Best men can be tempted to find stories where they come out well and the groom doesn?t. Wrong. The groom should come out well, or if you are going to tease, then the groom should be teased about something he?s secretly rather pleased about (being a lunatic at parties, obsessively fit) or at least doesn?t mind (disorganised, always late, over fond of romcoms).
Pick your anecdotes carefully and your speech will do its job. But forget what they are for and you will hit big problems.
Think broadly of the journey. And make a list of everything you have to do and say. You will have to introduce yourself. You will probably have to read out telegrams and messages from those not attending. You definitely have to raise your glasses and toast the bride and groom. There will be an arc from the introduction, through your chosen stories which could get quite high energy, down a bit to the business end of telegrams, through to the toast which will probably come from quite a quiet and sincere place.
Think in 5 lumps:
1. Intro: perhaps a story that introduces how you met him and became friends
2. The groom: an affectionate portrait Let the man know how popular and loved he is as well as teasing a little if you like. Don?t worry about being funny. Affectionate and accurate will get people laughing with recognition.
3. The couple: be nice to the bride. It depends on your relationship with her ? you can tease her too ? but mostly make her feel welcome.
4. Messages: from the people who couldn?t be here. You?ll probably have messages to read. If there are a lot of people who are a seriously long way away (Australia?) then you can make a tease about their ?low effort? in not attending? just be sure it?s a clear tease!
5. The toast: Celebrate. Make sure everyone?s got booze and make a toast. Bring the room together to celebrate.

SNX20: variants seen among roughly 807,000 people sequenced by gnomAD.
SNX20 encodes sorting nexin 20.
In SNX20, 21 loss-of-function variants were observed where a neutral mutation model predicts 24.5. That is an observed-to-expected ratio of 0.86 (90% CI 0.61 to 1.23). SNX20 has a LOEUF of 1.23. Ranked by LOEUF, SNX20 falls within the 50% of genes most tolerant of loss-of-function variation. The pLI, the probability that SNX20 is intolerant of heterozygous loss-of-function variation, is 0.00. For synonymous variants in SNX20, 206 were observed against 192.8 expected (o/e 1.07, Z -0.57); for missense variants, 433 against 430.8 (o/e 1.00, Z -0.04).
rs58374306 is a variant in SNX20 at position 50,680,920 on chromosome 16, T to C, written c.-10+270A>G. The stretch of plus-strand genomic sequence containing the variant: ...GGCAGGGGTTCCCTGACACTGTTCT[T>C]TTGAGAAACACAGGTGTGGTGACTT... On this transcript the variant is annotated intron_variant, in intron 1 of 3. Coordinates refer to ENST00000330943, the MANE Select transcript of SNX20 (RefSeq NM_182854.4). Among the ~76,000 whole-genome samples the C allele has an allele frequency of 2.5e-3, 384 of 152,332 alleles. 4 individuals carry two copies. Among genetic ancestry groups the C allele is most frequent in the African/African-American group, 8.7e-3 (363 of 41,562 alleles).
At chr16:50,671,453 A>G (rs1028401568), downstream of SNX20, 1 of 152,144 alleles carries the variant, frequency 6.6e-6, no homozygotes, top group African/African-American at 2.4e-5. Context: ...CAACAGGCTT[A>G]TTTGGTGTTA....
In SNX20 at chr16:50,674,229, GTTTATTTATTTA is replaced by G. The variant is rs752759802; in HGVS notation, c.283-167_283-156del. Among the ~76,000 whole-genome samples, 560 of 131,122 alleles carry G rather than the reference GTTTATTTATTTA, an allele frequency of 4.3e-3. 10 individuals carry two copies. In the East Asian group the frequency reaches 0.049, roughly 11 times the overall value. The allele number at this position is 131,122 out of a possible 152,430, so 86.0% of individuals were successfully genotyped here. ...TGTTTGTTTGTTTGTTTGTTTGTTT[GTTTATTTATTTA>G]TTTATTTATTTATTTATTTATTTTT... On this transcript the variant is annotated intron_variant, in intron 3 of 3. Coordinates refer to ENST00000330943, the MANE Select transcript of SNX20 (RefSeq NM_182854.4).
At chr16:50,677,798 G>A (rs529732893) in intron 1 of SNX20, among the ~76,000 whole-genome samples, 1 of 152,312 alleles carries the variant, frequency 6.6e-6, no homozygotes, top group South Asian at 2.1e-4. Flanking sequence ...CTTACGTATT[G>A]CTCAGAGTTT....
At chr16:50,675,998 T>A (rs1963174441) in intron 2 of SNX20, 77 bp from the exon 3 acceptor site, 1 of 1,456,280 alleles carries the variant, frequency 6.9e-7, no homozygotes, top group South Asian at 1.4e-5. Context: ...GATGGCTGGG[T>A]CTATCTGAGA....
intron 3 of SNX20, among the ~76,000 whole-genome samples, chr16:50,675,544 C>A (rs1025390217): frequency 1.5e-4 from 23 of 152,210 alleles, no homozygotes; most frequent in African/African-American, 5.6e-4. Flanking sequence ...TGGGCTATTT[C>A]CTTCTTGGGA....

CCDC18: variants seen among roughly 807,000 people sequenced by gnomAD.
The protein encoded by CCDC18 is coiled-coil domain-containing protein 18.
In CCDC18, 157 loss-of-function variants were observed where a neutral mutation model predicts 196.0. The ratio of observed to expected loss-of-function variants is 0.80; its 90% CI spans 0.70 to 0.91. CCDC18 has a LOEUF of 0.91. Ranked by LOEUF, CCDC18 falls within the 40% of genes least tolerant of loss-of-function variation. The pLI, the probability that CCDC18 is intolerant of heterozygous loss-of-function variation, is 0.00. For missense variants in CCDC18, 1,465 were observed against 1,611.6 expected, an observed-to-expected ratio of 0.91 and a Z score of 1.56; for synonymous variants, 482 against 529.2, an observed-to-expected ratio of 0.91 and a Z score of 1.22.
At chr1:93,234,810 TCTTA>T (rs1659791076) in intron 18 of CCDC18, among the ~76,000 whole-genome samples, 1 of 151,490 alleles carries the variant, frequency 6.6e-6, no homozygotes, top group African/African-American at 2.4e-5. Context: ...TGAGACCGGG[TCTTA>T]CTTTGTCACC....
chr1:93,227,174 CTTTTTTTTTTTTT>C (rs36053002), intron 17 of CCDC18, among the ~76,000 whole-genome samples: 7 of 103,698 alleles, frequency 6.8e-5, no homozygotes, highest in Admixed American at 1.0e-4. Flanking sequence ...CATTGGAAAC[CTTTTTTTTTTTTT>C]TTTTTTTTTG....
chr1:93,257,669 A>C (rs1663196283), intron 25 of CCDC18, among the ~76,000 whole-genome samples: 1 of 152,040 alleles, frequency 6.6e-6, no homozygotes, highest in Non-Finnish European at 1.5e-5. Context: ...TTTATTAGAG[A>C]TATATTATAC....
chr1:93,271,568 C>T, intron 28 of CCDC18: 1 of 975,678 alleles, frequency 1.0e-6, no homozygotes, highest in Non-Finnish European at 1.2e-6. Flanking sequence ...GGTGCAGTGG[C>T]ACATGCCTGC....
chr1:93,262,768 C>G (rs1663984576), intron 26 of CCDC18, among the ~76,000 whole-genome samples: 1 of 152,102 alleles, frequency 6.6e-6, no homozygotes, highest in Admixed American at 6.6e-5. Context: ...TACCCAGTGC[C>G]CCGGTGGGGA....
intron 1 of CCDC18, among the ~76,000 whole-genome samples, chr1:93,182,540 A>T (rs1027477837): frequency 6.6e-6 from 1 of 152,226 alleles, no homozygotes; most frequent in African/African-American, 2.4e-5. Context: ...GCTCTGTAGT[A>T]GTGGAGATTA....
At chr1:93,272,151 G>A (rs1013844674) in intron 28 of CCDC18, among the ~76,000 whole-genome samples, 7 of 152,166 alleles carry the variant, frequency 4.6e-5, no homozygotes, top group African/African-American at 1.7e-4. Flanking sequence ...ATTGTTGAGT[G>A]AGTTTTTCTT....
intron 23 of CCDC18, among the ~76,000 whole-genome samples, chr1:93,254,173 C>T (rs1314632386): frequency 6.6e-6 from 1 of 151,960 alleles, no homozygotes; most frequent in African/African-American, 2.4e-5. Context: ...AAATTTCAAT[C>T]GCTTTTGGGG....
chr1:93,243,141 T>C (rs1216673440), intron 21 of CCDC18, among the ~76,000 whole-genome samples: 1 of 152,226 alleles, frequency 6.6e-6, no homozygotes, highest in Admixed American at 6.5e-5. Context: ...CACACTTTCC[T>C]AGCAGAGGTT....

And once, and only once, you?re secure with your structure, you can get creative. You could:
- Add some slides/photographs to show the development of this fine man.
- Use a Graham Norton structure to elicit stories from the audience. For this, you get everyone to stand and to stay standing if? The people remaining standing contribute anecdotes. Examples might include ?if the groom has ever broken something you own? or ?if the groom has ever injured you? ? something he does a lot!). Pre-warn a few people with good stories so you know the audience will contribute.
- Do a visual gag ? for example if the groom has a mono-brow (and is cool about being teased about it) then chop up a wig and use wig tape to make mini-mono-brows for all the men. If you can get hold of a particularly tragic sartorial disaster from the groom?s student days, bring it out? Again, only if it?s likely to be funny
- Buy some comedy gifts for the groom.
- Set up a list of 10 things you may not know about the groom (and research deeply into this). Particularly funny if the groom is one of those people who loves top tens? (as in the novel High Fidelity).
- Prepare a song with the other groomsmen. It?s perfectly ok to make a fool of yourself, just not of the groom.
Whatever you choose (and you don?t have to do anything), practice it and really think it through.